K's husband happened to be employed by the hospital at the time and was sufficiently familiar with its organization to know that its nurse epidemiologist, Nancy Watkins, customarily made enquiries into the origins of infections that might arguably have been communicated within the hospital. Accordingly, on August 15, he met with Mrs. Watkins, told her about the diagnosis, and described three unsanitary conditions observed during K's hospital stay that he thought might be, or indicate, the source of her infection: a container of another patient's urine had been left in the lavatory K shared; insects had been found floating in a bath in which K had soaked to mitigate her labor pains; and ice packs used during the episiotomy had not, he suspected, been adequately cleaned. He later testified, subject to Mrs. Watkin's denial, that he asked whether another maternity patient during K's admission had been infected with herpes, K having told him about the suspiciously bandaged leg of a woman in a nearby room where K had attended a group discussion. K's husband also claimed, and Mrs. Watkins also denied, that he asked her to incorporate the results of her enquiry into the record of K's medical treatment.

Mrs. Watkins proceeded to conduct an investigation that included a test of K's blood, interviews with K's two treating physicians and the head of the maternity nursing unit, and an examination of K's medical record. In the meantime, one of K's treating physicians prescribed medication for the infection.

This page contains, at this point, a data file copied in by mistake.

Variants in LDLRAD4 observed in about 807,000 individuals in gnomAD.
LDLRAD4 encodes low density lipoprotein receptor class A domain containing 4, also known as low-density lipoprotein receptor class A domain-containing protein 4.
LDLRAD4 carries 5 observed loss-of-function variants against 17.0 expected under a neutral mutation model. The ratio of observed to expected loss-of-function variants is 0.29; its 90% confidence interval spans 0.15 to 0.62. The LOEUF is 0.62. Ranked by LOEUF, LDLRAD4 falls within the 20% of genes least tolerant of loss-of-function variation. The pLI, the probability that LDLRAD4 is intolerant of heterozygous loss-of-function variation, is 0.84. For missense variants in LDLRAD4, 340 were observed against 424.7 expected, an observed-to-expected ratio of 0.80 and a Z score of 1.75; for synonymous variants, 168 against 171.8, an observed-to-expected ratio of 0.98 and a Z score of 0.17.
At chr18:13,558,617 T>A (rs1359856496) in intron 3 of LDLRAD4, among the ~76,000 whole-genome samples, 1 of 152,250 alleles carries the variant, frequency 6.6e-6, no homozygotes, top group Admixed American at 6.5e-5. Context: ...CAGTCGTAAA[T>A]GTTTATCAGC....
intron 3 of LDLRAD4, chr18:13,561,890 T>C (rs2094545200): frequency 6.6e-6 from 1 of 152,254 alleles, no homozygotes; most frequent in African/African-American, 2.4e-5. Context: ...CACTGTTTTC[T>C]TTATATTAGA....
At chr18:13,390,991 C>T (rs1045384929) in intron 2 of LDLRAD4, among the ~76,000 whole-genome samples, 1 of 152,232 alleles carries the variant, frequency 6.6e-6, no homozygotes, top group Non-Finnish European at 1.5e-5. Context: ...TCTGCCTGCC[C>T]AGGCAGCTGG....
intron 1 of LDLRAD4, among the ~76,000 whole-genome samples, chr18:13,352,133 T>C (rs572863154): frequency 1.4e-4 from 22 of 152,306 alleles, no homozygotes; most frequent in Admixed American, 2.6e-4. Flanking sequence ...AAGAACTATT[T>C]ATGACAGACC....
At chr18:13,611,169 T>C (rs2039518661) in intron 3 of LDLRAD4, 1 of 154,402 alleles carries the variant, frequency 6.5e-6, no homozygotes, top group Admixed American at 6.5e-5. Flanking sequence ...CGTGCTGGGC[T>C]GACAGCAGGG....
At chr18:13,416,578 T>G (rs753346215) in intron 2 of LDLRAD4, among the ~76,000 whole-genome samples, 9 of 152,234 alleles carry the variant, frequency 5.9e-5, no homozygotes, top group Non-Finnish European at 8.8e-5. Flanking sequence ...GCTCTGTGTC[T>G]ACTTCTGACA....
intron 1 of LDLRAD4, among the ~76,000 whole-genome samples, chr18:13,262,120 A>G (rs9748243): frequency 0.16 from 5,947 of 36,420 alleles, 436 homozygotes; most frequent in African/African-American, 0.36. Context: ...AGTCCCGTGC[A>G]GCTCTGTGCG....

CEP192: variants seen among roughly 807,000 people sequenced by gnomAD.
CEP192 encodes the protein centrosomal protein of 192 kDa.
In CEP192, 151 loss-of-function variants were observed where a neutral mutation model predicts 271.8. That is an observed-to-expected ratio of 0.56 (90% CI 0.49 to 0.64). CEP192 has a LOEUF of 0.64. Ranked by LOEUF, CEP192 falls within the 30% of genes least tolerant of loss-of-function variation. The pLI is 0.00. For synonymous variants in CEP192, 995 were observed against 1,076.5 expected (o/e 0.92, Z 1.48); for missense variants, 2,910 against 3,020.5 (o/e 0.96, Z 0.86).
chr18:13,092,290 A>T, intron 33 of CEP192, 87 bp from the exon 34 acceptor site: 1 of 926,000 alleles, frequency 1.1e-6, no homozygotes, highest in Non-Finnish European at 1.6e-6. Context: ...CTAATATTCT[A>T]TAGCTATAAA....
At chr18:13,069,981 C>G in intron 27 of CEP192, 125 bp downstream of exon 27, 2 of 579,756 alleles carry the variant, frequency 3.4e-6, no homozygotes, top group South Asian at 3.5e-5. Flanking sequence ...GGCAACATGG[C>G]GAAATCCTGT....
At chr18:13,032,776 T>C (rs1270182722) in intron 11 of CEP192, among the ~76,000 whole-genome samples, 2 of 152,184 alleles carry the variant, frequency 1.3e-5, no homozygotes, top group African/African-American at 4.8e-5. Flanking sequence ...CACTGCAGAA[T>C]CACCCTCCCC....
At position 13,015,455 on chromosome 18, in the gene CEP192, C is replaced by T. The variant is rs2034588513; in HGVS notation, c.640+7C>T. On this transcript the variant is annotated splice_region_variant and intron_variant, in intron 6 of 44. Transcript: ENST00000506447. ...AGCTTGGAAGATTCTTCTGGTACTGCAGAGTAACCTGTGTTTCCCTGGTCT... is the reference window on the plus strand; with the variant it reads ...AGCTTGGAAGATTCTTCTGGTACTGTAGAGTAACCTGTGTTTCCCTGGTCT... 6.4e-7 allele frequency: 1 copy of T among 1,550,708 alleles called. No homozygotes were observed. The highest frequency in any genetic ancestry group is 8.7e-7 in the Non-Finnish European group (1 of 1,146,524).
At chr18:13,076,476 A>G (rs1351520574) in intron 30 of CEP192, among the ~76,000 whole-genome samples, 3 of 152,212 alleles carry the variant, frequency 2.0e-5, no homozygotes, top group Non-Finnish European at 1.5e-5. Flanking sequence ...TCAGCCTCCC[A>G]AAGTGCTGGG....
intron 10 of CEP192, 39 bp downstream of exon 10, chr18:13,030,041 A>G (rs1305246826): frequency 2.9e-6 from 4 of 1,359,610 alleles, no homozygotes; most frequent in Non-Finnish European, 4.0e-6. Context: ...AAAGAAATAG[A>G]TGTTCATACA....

Although Mrs. Watkins testified that she had probably told K's husband that she would report back to him in some fashion, it was not her practice to make reports to patients and she decided against doing so in this case. She planned, instead, to advise one of K's treating physicians of anything that might appropriately be communicated to K, and otherwise to report only to the hospital's Infections Committee, as in the normal course. On August 29, 1986, however, K herself called Mrs. Watkins to ask what she had learned. K testified that Mrs. Watkins told her the hospital had admitted a patient with herpes during K's stay, but that the patient's symptomatic leg had been wrapped. Mrs. Watkins denied this and testified that, as a matter of courtesy, she told K she had determined that none of the three conditions mentioned by K's husband indicated a probable source of infection, and told her nothing else about the investigation. In any event, Mrs. Watkins thereafter reported her findings to the Infections Committee at its September 1986 meeting, as reflected in its minutes, and prepared a written report, now retained in files kept in her own office.